I took Introduction to Spiritual Formation, ironically, during my last semester at United. The course had been introduced as a requirement after I’d started in 2016, but it was still required in order for me to graduate and it only fit during those last few months. I’m grateful to United for making me take it, though, because it was one of the most rewarding and personally enriching classes I’ve ever had. Some of the coursework and reading assignments will stick with me forever, but none as much as the family genogram.
Briefly, a family genogram is essentially a family tree that tracks more than just who married who and who your cousins are– different genograms can be focused on a variety of elements like medical history or geography. For my Formation class, my professor asked us to go back four generations and examine how that history has shaped us– how has my family culture, our religious and social beliefs, molded me into who I am today? I called up different family members and spent some time talking about those questions– who was Catholic, when did they convert, who deconverted? Where did this person live, what were they like, what do they remember about my great-grandfather? Once I had all those stories and bits and pieces of facts and recollections, I sat down to draw the familiar tree framework I could tie all those bits to.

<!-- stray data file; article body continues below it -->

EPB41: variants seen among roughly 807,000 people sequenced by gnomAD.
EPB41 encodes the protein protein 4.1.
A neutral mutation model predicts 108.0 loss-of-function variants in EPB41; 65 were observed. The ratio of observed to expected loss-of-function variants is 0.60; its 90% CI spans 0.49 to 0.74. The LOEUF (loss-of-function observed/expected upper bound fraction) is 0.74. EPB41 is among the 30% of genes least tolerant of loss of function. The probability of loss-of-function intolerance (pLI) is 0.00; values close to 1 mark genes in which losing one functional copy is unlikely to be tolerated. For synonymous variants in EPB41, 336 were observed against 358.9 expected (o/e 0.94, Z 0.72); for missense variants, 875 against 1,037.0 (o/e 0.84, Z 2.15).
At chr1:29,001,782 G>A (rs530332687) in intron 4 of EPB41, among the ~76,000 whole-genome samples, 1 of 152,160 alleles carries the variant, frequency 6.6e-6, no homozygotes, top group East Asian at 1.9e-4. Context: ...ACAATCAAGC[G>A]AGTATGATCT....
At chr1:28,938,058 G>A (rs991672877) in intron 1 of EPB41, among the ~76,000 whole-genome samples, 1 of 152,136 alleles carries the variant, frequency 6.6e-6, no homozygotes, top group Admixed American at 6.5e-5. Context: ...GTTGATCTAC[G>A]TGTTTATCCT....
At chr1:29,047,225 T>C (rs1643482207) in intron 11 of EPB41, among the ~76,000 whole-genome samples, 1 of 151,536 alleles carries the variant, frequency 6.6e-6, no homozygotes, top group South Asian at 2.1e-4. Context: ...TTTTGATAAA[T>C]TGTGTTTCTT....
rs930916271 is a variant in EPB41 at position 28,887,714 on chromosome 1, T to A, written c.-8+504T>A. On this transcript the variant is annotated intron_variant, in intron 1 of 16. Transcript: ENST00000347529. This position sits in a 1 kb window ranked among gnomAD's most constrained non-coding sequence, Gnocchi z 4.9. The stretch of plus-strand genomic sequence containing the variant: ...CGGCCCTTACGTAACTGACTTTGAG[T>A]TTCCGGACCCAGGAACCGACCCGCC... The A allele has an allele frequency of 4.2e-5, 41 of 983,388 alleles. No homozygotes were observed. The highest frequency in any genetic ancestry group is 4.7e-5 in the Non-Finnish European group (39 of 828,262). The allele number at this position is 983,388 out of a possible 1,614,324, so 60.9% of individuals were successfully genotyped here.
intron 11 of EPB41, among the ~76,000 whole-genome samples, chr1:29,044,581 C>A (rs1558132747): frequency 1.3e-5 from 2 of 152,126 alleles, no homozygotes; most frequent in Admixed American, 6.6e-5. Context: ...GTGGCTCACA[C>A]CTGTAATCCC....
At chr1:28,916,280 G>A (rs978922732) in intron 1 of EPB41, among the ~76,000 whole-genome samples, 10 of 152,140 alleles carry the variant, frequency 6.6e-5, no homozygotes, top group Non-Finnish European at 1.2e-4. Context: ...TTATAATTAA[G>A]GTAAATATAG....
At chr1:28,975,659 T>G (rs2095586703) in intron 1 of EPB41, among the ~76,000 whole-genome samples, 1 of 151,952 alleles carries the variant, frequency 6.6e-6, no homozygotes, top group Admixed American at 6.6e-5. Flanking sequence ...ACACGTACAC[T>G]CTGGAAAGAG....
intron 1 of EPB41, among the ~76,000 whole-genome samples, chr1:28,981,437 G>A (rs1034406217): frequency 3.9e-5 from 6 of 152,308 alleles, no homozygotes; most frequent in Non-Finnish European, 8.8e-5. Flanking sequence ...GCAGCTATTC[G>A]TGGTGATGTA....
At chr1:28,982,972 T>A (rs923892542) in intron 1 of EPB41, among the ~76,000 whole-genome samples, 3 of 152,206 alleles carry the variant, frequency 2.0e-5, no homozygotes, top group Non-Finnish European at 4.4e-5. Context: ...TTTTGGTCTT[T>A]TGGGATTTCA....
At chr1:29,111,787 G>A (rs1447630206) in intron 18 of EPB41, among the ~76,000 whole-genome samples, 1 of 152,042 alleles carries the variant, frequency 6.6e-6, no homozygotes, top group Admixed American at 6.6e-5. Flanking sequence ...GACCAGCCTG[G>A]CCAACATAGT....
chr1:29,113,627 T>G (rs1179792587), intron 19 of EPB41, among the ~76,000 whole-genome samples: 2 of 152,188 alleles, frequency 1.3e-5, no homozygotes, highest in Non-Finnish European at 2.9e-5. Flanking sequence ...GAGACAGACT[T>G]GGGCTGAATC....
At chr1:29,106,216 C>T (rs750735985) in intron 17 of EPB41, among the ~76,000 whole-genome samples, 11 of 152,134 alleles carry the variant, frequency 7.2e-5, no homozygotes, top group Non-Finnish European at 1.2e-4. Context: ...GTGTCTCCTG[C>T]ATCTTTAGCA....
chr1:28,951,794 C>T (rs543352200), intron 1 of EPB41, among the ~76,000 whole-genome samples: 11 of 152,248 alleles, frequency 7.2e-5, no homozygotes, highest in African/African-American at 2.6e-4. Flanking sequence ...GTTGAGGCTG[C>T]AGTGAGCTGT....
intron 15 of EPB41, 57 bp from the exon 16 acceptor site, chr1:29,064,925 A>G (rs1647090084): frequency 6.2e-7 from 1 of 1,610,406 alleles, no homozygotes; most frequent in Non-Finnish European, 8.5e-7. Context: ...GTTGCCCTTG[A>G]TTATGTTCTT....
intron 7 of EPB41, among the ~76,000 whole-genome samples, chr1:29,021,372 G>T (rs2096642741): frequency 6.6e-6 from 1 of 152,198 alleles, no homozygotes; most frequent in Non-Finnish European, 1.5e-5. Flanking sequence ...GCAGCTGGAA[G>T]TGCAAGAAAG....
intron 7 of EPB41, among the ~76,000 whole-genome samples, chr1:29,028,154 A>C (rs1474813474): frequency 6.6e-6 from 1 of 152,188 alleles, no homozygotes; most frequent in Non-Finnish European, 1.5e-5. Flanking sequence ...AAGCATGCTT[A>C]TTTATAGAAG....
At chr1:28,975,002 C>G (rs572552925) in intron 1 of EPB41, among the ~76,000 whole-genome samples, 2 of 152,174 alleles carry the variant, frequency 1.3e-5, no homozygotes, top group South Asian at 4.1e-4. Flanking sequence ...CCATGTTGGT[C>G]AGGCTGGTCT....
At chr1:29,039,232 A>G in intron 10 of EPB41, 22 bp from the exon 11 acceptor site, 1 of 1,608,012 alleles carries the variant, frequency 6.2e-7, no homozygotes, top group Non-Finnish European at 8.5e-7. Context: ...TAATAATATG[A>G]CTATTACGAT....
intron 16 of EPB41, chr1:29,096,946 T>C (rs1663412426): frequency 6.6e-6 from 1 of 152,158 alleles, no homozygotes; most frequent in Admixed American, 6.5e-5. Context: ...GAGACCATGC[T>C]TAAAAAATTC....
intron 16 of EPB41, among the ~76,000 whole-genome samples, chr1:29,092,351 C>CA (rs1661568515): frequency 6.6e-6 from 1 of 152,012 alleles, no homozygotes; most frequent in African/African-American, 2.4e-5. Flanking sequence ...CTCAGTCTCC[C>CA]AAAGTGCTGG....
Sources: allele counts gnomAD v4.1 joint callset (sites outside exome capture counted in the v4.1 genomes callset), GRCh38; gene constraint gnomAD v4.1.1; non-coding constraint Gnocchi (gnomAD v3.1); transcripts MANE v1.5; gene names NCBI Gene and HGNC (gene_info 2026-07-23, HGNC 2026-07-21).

It took me three, four, maybe five tries. Just to get the basic structure on a piece of posterboard. Visually explaining my family history in that chart seemed like an impossible task, and eventually I had to get creative. The primary problem was: everyone was divorced and remarried, going back three generations. There were children and cousins and ex-wives and aunts and uncles that just didn’t fit neatly onto that simple wire frame. Once I’d managed that, though, I felt something stir in my gut that recognized there was more to the abstract-looking tree I’d sketched than lines and breaks and names. This tree looked broken. It looked painfully pruned and splintered and grafted. There were absences, blank spaces, and dotted lines representing happiness and heartache.